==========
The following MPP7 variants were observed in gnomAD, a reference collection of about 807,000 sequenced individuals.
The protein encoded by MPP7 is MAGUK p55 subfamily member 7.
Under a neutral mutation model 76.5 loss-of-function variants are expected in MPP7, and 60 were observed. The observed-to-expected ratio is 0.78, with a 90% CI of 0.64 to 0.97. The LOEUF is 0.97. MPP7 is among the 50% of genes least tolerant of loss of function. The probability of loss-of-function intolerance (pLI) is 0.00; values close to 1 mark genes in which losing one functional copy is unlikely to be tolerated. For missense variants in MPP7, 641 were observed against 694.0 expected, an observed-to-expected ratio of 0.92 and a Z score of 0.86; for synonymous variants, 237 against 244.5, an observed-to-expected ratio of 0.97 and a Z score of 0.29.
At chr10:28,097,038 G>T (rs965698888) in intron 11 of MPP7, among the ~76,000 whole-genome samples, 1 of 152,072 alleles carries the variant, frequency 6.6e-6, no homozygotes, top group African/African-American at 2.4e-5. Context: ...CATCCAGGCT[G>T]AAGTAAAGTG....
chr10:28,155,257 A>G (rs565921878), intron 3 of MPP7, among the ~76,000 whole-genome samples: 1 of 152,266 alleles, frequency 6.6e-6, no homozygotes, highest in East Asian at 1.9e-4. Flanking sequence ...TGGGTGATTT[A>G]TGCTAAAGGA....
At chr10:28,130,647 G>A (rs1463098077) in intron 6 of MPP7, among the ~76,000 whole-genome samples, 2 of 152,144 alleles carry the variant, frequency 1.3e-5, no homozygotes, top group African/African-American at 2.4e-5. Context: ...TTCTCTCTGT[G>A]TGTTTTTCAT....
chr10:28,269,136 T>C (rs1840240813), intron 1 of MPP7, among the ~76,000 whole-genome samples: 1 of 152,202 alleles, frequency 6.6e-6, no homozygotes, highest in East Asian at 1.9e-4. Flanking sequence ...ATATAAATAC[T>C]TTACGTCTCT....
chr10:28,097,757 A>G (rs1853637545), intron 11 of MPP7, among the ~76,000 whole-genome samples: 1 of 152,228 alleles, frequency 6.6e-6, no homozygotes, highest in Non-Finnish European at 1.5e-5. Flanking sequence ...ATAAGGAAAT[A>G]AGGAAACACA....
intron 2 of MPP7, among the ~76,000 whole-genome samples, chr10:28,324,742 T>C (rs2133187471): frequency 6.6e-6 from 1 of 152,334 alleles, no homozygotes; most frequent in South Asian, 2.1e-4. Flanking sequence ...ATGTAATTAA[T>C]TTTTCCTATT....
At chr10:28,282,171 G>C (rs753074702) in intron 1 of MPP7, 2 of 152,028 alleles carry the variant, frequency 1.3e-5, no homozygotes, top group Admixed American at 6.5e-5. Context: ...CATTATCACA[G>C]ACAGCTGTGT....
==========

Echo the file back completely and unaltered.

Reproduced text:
The following MPP7 variants were observed in gnomAD, a reference collection of about 807,000 sequenced individuals.
The protein encoded by MPP7 is MAGUK p55 subfamily member 7.
Under a neutral mutation model 76.5 loss-of-function variants are expected in MPP7, and 60 were observed. The observed-to-expected ratio is 0.78, with a 90% CI of 0.64 to 0.97. The LOEUF is 0.97. MPP7 is among the 50% of genes least tolerant of loss of function. The probability of loss-of-function intolerance (pLI) is 0.00; values close to 1 mark genes in which losing one functional copy is unlikely to be tolerated. For missense variants in MPP7, 641 were observed against 694.0 expected, an observed-to-expected ratio of 0.92 and a Z score of 0.86; for synonymous variants, 237 against 244.5, an observed-to-expected ratio of 0.97 and a Z score of 0.29.
At chr10:28,097,038 G>T (rs965698888) in intron 11 of MPP7, among the ~76,000 whole-genome samples, 1 of 152,072 alleles carries the variant, frequency 6.6e-6, no homozygotes, top group African/African-American at 2.4e-5. Context: ...CATCCAGGCT[G>T]AAGTAAAGTG....
chr10:28,155,257 A>G (rs565921878), intron 3 of MPP7, among the ~76,000 whole-genome samples: 1 of 152,266 alleles, frequency 6.6e-6, no homozygotes, highest in East Asian at 1.9e-4. Flanking sequence ...TGGGTGATTT[A>G]TGCTAAAGGA....
At chr10:28,130,647 G>A (rs1463098077) in intron 6 of MPP7, among the ~76,000 whole-genome samples, 2 of 152,144 alleles carry the variant, frequency 1.3e-5, no homozygotes, top group African/African-American at 2.4e-5. Context: ...TTCTCTCTGT[G>A]TGTTTTTCAT....
chr10:28,269,136 T>C (rs1840240813), intron 1 of MPP7, among the ~76,000 whole-genome samples: 1 of 152,202 alleles, frequency 6.6e-6, no homozygotes, highest in East Asian at 1.9e-4. Flanking sequence ...ATATAAATAC[T>C]TTACGTCTCT....
chr10:28,097,757 A>G (rs1853637545), intron 11 of MPP7, among the ~76,000 whole-genome samples: 1 of 152,228 alleles, frequency 6.6e-6, no homozygotes, highest in Non-Finnish European at 1.5e-5. Flanking sequence ...ATAAGGAAAT[A>G]AGGAAACACA....
intron 2 of MPP7, among the ~76,000 whole-genome samples, chr10:28,324,742 T>C (rs2133187471): frequency 6.6e-6 from 1 of 152,334 alleles, no homozygotes; most frequent in South Asian, 2.1e-4. Flanking sequence ...ATGTAATTAA[T>C]TTTTCCTATT....
At chr10:28,282,171 G>C (rs753074702) in intron 1 of MPP7, 2 of 152,028 alleles carry the variant, frequency 1.3e-5, no homozygotes, top group Admixed American at 6.5e-5. Context: ...CATTATCACA[G>C]ACAGCTGTGT....